One Hundred Ways to Describe Water and Regular Dreams of Death
1 March 2021

658 days ago, on a brief furlough between ships, I ran alongside the Welland Canal in Southern Ontario.  It was a sunny day, one of the first warm days that spring.  It felt good, not all runs do.  As I ran, I was playing with words in my head.  When I returned I discoverd my Garmin watch had failed to log the distance, so this 16km would not be noted or added to the kilometers I had already run that month.  

A devastating turn of events for a runner.  

But while my kilometers had been lost, the words hadn’t, and after I showered I opened my laptop and sat at the hotel window and I wrote down these words:

“It is good to stretch ones legs ashore after 26 days at sea and the Sisyphean drudgery of daily treadmill running…”

Something must have shook loose on that run, because those words would be the first of what has proved, until now, a steady torrent.  

When I have finished this piece, the one you are reading, I will re-read it a number of times.  Rearrange paragraphs.  Move sentences.  Erase.  Edit.  

Eventually I will upload it onto my website.  I’ll pour a beer and I’ll hit publish.  

It will be the 100th piece I’ve uploaded onto my site.

It feels like a milestone worthy of acknowledgement.  Especially for me, one who has seldom seen things through, who for so many years called himself a writer but barely wrote or showed his work to anyone.  I have spent so much of my life rudderless and adrift and now suddenly and against all expectation I find myself having somehow amassed a small body of work.

I have a few ideas about what has spawned this burst of creativity.  

Since an accident I was involved in 4 years ago, a very close call,  I have had regular dreams of dying and death and I realized I wanted my legacy to be more than just being the guy who liked to party his tits off. 

I was also going through a phase in my life where I was increasingly dissastisfied.  Un-jazzed with living.  I was fresh in my forties and I worked at jobs where I could complete my work efficiently but for which I have and had no innate talent, jobs that I felt I was not put on this earth to do.  

Through running and sailing and writing about the wonderful nature I see, I was effectively able to re-evaluate the things that I love about this life and the world, despite all the misery there is, and the carnage that surrounds us.  I was finally able to meaningfully indulge my love of words and how they are arranged on a page, sometimes intentionally and with much premeditation or sometimes just by happy accident.  I have described the sea and the sky and their various moods, a hundred times or more.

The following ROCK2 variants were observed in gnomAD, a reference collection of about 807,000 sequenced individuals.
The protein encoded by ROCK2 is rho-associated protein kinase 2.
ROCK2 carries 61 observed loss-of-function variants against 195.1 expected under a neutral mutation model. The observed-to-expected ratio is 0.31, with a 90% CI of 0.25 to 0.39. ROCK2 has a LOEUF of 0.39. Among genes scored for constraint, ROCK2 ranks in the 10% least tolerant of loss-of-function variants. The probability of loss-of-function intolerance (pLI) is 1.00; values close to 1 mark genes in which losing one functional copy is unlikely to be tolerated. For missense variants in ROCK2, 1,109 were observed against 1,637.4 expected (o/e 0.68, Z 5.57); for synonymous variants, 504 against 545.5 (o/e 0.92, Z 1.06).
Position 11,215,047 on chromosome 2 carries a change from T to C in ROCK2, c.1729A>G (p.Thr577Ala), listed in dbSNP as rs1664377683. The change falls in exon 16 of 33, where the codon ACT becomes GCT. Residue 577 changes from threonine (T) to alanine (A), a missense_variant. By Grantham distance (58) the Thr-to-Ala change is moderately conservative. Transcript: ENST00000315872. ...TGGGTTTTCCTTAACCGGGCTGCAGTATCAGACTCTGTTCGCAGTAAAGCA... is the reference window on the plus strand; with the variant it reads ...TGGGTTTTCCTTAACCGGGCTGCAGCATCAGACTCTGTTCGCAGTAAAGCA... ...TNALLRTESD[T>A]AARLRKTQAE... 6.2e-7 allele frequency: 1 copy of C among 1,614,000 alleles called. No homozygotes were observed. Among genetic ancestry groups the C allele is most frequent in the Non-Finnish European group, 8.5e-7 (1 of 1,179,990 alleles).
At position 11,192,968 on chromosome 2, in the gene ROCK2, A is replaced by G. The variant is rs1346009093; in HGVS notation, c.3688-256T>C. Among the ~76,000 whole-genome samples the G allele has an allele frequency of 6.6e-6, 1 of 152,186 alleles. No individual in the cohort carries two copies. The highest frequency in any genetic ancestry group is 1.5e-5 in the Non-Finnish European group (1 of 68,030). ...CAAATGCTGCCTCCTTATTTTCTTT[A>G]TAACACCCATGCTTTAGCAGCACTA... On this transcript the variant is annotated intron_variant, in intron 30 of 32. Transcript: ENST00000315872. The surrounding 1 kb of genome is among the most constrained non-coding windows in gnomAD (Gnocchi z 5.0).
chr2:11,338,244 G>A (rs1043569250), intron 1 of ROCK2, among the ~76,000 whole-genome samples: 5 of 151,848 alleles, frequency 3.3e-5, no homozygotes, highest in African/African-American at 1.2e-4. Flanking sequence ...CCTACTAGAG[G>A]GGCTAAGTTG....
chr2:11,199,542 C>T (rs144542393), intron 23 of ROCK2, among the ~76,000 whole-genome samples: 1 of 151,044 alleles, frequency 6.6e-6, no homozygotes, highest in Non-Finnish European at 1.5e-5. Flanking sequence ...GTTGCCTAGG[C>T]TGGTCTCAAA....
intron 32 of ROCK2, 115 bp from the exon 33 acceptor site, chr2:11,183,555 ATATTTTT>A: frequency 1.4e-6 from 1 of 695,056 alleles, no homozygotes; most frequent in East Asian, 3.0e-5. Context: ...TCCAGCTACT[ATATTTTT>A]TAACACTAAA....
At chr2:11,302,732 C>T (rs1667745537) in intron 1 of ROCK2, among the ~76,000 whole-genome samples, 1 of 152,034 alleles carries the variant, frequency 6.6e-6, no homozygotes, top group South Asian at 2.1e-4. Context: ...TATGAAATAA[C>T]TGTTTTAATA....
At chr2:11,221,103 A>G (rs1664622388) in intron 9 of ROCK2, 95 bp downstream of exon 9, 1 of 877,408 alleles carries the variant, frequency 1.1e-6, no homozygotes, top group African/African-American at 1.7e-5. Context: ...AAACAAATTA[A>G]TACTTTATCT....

And yet, what a damn fool notion it is to write things down!  But something compells me to do so and to then release these literary spores into the world.  I cannot assess their value myself, that’s for you to do, but there are a handful of pieces I have posted of which I am genuinely proud and this is not an easy thing to admit as I have always had difficulty acknowleding the worth of my work. 

Writing has helped me get to know myself better.  I have tried to write with 100% emotional honesty.  I have always thought that reading makes us more empthetic but I believe that writing has helped me become a better person, a kinder person, or at the very least, strive to be such.

Yesterday, I went for a run around Valletta as I have been doing most days for the last month.  It was hot and the sun was at its highest and the sea a fierce and sparkling blue and I put on my earbuds and I hit play on a playlist and straight out the gate the first song was ‘Rudy Can’t Fail’ by the Clash.  Is there a more joyous noise?  I pumped my legs and I ran, and I ran fast because thats what good music makes me do.  I leapt over parking barriers and I ran along the top of a cement wall.  And I mouthed those words, and I wagged my left index finger to emphasize them like a fucking whacked out soapbox messiah, and I did so all along the waterfront and up the hill to the Siege Bell monument.  The world is going to shit I thought, but you really can’t get much better than this.  

Writing has become like running for me.  There are good days and there are bad days and there are days when it is easy and days when it is hard but either way they’ve both become habits and thankfully habits are hard to break.

I recently discussed with my father our mutual helplessness when it comes to direction.  Our inability to navigate from A to B,  to find our way.  I explained to him that I think it is more than just stupidity.  That we actually suffer from a cognitive defect that makes us see the world differently, in the same way a dyslexic might view words. 

While my writings don’t necessarily have a direction, I feel I am on a trajectory nonetheless. I don’t know which way I’m headed but I am curious as to where I’ll end up.  

In the meantime, here’s to a hundred, and thank-you reader for coming along, for getting lost right here with me.